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Arizona DUI Law

DUI Attorney in Arizona: The Importance of Strict Scientific Testing

Any DUI attorney in Arizona can tell you about how much the standards for determining drunk driving have changed over the years. Back during the Carter administration, it was common for Georgia state troopers to have motorists blow into their Smokey the Bear hats to guesstimate the drunken intoxication of a driver. While this may sound like an episode of Yogi the Bear, it hardly qualifies as scientifically provable evidence. With such flimsy standards, a DUI attorney in Arizona would have many potential angles to introduce challenge and doubt into the evidence of the prosecution.

There were a wide variety of sobriety tests that existed in the 1970s, and not all of them involved a wide brim hat. Some involved drawing on a sheet of paper. Others involved doing a song and dance and grading for grammar and poise. Around 1975, however, the National Highway Traffic Safety Administration began scientifically measuring the accuracy of various tests in order to prove which were the most sound at providing reliable evidence. Rather than create more accurate tests, they merely had to determine the accuracy of the tests that were already being used that a DUI attorney in Arizona might regularly run into.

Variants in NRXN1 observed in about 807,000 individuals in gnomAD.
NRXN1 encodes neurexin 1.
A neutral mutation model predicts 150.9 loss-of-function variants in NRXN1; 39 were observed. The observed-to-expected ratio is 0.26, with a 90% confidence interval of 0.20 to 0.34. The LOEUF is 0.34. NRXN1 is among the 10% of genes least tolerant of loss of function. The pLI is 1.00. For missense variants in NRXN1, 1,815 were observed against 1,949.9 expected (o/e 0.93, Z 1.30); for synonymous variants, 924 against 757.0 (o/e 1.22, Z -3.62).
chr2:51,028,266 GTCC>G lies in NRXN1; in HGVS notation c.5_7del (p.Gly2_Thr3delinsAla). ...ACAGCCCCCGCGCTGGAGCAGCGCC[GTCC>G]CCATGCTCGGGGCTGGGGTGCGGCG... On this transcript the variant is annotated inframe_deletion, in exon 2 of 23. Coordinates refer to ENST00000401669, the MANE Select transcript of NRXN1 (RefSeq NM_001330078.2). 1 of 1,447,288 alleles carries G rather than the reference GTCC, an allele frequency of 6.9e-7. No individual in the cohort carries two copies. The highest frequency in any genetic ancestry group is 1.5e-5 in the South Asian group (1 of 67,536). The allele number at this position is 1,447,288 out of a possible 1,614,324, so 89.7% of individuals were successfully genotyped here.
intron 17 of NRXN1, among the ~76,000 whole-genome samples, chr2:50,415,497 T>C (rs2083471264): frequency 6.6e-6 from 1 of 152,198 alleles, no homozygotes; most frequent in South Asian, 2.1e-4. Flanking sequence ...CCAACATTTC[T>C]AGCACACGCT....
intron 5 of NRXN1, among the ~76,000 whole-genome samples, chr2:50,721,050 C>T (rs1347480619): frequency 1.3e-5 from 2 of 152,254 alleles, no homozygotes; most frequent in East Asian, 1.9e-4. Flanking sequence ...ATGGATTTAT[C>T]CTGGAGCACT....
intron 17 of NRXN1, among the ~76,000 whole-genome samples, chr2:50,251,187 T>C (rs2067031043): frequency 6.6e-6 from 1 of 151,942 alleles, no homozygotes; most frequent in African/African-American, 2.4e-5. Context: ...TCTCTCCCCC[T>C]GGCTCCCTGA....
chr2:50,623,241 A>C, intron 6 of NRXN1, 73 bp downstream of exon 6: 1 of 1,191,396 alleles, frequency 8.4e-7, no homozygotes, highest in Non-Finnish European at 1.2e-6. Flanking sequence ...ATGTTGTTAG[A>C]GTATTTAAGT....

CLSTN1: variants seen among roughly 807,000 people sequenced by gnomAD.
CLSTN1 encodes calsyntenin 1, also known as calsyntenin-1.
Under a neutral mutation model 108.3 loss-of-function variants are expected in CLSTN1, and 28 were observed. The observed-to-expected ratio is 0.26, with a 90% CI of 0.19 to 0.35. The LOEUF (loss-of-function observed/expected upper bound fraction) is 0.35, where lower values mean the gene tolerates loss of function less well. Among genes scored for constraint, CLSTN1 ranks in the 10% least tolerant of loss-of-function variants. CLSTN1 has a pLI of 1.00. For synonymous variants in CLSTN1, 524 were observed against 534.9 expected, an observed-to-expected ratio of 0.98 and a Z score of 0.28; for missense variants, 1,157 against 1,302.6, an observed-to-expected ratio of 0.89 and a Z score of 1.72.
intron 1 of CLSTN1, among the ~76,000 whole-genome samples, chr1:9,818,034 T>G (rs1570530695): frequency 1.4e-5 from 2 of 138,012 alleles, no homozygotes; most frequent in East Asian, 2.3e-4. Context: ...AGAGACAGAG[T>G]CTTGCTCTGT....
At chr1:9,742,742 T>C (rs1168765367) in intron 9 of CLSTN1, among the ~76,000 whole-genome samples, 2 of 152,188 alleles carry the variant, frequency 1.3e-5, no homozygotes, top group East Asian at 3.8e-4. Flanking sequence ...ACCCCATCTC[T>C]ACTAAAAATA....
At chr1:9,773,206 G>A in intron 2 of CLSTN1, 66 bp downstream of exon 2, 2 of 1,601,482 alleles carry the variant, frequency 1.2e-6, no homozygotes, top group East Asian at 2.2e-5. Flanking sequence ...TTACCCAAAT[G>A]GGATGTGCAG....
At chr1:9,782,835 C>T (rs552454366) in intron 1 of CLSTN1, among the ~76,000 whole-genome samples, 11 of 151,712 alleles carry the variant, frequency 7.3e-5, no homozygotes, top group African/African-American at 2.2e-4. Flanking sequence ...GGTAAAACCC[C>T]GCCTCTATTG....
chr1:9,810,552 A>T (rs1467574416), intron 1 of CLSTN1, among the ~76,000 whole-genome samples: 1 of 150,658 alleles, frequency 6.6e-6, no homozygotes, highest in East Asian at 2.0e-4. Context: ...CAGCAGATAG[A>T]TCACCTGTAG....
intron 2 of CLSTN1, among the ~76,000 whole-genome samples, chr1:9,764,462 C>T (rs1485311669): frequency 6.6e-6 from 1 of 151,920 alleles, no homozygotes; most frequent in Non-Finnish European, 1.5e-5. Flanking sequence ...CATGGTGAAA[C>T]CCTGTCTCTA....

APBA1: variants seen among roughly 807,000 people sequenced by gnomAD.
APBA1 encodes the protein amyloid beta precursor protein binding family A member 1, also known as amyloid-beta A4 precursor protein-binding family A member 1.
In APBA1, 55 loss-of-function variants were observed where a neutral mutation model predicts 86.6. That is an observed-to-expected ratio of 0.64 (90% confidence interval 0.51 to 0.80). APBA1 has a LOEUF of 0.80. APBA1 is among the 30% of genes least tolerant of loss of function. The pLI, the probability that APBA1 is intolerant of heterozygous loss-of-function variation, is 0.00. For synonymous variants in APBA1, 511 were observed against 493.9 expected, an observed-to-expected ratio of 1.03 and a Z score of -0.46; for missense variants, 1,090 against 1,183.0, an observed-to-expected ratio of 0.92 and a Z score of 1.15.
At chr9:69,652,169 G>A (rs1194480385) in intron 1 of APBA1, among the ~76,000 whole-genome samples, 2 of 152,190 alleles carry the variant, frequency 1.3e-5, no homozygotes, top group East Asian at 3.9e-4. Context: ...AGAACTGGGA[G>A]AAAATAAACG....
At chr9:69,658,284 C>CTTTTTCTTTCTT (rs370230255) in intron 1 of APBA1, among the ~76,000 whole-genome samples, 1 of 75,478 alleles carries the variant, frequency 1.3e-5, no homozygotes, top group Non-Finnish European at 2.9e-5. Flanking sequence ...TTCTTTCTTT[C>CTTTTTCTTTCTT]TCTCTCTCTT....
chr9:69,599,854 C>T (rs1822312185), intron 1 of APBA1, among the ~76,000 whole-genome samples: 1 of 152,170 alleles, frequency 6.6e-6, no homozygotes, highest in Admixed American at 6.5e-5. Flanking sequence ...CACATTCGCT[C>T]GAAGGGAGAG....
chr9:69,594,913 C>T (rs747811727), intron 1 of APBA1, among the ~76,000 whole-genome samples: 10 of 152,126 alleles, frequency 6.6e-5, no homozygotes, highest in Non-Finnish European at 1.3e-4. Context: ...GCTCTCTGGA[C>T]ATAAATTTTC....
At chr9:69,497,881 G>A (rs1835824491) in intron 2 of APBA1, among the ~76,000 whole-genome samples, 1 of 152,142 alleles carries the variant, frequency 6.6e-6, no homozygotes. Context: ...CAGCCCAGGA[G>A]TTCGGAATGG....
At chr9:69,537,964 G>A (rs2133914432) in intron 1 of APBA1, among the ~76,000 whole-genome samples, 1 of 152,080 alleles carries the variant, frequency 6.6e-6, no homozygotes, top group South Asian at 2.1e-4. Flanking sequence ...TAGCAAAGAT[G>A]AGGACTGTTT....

The National Highway Safety Administration (NHSA) awarded a contract to the Southern California Research Institute (SCRI) to determine which field tests were most accurate. The studies were conducted by SCRI director Marcelline Burns, a research psychologist who participated in ride-alongs with police officers all over the United States. Burns compiled a list of 16 tests thought to be feasible as potentially reliable sobriety tests. SCRI selected pilot tests and then began testing their validity with control groups in 1977. Six tests were chosen for the study that would decide the rules for which a DUI attorney in Arizona must operate.